- Louisiana has the greatest concentration of crude oil refineries, natural gas processing plants and petrochemical production facilities in the Western Hemisphere. The Oil Industry is considered as one of the biggest and one of the most important industries in Louisiana if things like taxes paid amount, impact on Economy and number of people getting employment is taken into consideration. The Louisiana Oil Industry's history can be traced back from the beginning of the twentieth century and the first oil well was discovered in Jennings Field in the year 1901.
- Louisiana is America's third largest producer of petroleum and the third leading state in petroleum refining.
- Louisiana pioneered offshore oil and gas exploration and drilling. The first well ever drilled out of sight of land was off the Louisiana coast. Most of the techniques used in offshore oil exploration around the world today were developed in Louisiana.
- Louisiana is America's second largest producer of natural gas.
- Louisiana is among the top ten states in the production of sugar cane (2nd), sweet potatoes (2nd), rice (3rd), cotton (5th) and pecans (5th).
Louisiana Human Development Index has increased since 1990. Life span increased more than two years during this 17-year period, from 73.1 years to 75.3 years. The rate at which young people are graduating from high school improved markedly since 1990, when almost one-third of those 25 years and older did not have a high school diploma or its equivalent, to today, when that rate has gone down to one-fifth. The attainment of bachelor’s and graduate or professional degrees edged up slightly. Inflation-adjusted median earnings in Louisiana, defined as the wages and salaries of all full- and part-time workers over age 16, barely increased during this period. They fell during the first half of the 2000s and then grew in the last two years. Median personal earnings in Louisiana now are $24,376—$4,264 lower than the national average of $28,640.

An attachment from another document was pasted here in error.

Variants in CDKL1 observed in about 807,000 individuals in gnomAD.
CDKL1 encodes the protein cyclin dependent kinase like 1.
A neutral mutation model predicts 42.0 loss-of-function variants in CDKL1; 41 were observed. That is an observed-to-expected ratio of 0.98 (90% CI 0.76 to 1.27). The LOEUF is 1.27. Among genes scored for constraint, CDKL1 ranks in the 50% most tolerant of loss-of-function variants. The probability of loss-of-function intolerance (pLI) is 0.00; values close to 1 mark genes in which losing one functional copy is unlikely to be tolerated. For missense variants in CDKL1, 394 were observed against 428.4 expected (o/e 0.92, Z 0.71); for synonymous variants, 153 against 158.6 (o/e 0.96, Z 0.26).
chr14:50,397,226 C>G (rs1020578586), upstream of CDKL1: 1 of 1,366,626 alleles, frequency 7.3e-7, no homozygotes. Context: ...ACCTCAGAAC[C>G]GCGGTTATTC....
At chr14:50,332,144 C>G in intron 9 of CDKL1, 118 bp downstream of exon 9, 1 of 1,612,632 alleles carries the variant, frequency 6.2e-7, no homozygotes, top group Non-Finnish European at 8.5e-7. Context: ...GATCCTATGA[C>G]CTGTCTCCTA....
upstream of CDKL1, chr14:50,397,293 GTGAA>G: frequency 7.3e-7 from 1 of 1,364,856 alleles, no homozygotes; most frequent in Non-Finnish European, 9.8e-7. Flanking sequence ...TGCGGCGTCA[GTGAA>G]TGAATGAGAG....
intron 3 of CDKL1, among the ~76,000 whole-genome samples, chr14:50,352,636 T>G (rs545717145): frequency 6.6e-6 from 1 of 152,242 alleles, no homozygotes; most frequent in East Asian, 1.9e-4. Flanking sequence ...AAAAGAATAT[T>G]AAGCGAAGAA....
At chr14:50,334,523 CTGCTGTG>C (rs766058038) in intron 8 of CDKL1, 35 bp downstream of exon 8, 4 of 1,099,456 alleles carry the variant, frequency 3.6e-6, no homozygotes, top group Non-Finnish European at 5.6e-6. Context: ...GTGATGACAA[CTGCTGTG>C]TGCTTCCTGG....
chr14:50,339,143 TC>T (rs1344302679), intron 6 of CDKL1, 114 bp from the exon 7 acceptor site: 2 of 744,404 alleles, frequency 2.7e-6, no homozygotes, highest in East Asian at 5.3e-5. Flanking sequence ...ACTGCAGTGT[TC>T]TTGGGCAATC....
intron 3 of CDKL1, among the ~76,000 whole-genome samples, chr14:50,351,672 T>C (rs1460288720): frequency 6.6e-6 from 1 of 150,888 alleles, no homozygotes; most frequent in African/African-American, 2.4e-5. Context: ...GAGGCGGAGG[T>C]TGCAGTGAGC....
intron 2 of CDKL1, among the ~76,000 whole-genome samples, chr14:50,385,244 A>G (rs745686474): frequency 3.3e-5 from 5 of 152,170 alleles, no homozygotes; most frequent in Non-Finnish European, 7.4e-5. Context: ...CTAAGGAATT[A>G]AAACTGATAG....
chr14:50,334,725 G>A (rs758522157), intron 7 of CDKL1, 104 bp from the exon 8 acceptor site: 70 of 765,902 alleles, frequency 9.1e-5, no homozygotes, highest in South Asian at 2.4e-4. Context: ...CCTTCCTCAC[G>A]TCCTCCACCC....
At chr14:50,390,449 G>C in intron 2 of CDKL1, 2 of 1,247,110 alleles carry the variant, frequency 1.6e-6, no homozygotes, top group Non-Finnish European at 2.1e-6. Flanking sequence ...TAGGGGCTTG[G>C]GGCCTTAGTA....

The racial earnings gap is significant. Twenty-five percent of African American families have household incomes under $15,000 per year, compared to 7 percent of white families. At the other end of the spectrum, the proportion flips. Nearly 25 percent of white families have household incomes over $100,000 per year, compared to 7 percent of African American families. Nearly one in three African American adults age 25 and over in Louisiana has not graduated from high school. Louisiana African American women have wages and salaries typical of those that prevailed in the U.S. in the 1950s.
The economic disparity between blacks and whites in the state is illustrated by the following chart.